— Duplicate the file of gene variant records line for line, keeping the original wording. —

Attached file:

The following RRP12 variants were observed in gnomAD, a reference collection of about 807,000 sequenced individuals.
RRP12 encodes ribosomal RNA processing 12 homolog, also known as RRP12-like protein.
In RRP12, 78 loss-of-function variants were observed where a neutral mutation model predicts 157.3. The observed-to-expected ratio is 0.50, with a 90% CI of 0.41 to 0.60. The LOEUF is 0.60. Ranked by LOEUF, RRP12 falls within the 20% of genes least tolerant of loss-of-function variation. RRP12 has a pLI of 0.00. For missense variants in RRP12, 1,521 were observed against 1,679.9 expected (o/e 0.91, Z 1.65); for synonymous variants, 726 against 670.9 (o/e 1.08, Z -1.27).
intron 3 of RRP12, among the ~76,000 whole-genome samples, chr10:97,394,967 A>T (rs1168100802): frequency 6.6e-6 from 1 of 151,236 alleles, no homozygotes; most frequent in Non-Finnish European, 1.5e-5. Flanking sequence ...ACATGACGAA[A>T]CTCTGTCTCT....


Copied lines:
The following RRP12 variants were observed in gnomAD, a reference collection of about 807,000 sequenced individuals.
RRP12 encodes ribosomal RNA processing 12 homolog, also known as RRP12-like protein.
In RRP12, 78 loss-of-function variants were observed where a neutral mutation model predicts 157.3. The observed-to-expected ratio is 0.50, with a 90% CI of 0.41 to 0.60. The LOEUF is 0.60. Ranked by LOEUF, RRP12 falls within the 20% of genes least tolerant of loss-of-function variation. RRP12 has a pLI of 0.00. For missense variants in RRP12, 1,521 were observed against 1,679.9 expected (o/e 0.91, Z 1.65); for synonymous variants, 726 against 670.9 (o/e 1.08, Z -1.27).
intron 3 of RRP12, among the ~76,000 whole-genome samples, chr10:97,394,967 A>T (rs1168100802): frequency 6.6e-6 from 1 of 151,236 alleles, no homozygotes; most frequent in Non-Finnish European, 1.5e-5. Flanking sequence ...ACATGACGAA[A>T]CTCTGTCTCT....